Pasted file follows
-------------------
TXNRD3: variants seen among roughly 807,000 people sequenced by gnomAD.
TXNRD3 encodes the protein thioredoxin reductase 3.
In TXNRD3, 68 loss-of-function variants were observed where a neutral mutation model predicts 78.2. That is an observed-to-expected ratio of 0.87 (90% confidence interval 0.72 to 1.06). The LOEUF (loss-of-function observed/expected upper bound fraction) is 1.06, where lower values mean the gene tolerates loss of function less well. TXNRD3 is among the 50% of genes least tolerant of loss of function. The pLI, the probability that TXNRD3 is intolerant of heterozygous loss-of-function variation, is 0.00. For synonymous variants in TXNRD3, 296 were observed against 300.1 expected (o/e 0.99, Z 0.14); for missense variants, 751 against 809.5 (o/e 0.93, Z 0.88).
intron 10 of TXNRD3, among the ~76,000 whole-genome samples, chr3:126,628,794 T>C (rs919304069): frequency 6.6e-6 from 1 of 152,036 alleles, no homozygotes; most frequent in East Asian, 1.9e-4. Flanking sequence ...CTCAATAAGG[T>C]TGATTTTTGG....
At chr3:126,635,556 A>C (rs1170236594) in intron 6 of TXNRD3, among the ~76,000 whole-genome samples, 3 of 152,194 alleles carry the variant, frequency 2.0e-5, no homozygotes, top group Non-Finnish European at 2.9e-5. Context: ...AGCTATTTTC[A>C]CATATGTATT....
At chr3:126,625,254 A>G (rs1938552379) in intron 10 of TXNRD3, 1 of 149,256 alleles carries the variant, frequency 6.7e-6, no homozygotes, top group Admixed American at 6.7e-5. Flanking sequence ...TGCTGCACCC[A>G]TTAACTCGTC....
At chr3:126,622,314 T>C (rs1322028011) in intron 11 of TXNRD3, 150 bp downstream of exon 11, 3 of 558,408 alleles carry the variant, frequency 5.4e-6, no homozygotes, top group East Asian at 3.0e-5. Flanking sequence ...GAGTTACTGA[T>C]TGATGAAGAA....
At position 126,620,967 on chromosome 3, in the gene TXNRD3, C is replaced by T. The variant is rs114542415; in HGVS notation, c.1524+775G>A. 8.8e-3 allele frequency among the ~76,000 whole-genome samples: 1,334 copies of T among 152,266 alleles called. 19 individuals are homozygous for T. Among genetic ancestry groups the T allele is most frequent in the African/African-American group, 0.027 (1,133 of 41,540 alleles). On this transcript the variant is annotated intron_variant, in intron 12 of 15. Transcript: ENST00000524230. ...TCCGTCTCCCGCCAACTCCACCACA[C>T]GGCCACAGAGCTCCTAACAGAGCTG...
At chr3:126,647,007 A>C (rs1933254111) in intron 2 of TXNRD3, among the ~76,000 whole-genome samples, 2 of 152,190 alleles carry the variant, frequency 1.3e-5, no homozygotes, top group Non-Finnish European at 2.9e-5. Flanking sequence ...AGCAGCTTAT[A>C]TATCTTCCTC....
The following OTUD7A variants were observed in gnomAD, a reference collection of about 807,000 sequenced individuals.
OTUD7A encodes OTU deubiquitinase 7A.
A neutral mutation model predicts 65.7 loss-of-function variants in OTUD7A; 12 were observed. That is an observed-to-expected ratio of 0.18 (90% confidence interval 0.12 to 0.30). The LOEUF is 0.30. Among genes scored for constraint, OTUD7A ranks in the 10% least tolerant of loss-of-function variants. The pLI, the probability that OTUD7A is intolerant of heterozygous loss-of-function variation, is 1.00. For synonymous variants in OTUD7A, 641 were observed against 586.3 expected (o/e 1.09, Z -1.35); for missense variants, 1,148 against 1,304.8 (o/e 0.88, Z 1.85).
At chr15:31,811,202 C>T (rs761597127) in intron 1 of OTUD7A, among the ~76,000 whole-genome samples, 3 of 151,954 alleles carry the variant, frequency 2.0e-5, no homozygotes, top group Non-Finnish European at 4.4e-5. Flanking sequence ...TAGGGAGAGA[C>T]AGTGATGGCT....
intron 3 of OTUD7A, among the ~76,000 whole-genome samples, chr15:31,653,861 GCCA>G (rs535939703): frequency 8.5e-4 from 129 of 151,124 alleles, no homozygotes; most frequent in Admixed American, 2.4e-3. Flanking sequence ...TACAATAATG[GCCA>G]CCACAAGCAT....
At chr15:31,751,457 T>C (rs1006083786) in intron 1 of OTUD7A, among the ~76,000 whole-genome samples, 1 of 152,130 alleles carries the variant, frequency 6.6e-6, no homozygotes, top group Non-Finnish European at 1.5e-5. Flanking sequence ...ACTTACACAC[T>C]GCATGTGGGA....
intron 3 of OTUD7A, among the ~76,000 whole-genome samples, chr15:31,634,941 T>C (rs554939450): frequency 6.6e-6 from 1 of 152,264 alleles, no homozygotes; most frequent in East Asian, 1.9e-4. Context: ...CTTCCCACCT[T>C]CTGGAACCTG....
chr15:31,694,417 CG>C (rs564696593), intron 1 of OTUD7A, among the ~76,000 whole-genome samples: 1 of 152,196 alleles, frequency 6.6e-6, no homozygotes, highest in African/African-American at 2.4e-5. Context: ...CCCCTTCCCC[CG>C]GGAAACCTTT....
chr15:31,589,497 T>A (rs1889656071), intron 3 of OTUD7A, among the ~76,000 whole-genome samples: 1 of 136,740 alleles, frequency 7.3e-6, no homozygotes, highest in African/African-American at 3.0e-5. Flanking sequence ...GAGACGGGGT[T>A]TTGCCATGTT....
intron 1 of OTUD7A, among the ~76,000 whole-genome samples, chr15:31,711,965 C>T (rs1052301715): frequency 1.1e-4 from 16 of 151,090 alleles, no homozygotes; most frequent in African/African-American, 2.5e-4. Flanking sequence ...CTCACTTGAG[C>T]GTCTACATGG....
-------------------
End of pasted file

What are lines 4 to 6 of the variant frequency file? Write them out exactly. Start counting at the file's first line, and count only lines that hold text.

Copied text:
intron 10 of TXNRD3, among the ~76,000 whole-genome samples, chr3:126,628,794 T>C (rs919304069): frequency 6.6e-6 from 1 of 152,036 alleles, no homozygotes; most frequent in East Asian, 1.9e-4. Flanking sequence ...CTCAATAAGG[T>C]TGATTTTTGG....
At chr3:126,635,556 A>C (rs1170236594) in intron 6 of TXNRD3, among the ~76,000 whole-genome samples, 3 of 152,194 alleles carry the variant, frequency 2.0e-5, no homozygotes, top group Non-Finnish European at 2.9e-5. Context: ...AGCTATTTTC[A>C]CATATGTATT....
At chr3:126,625,254 A>G (rs1938552379) in intron 10 of TXNRD3, 1 of 149,256 alleles carries the variant, frequency 6.7e-6, no homozygotes, top group Admixed American at 6.7e-5. Flanking sequence ...TGCTGCACCC[A>G]TTAACTCGTC....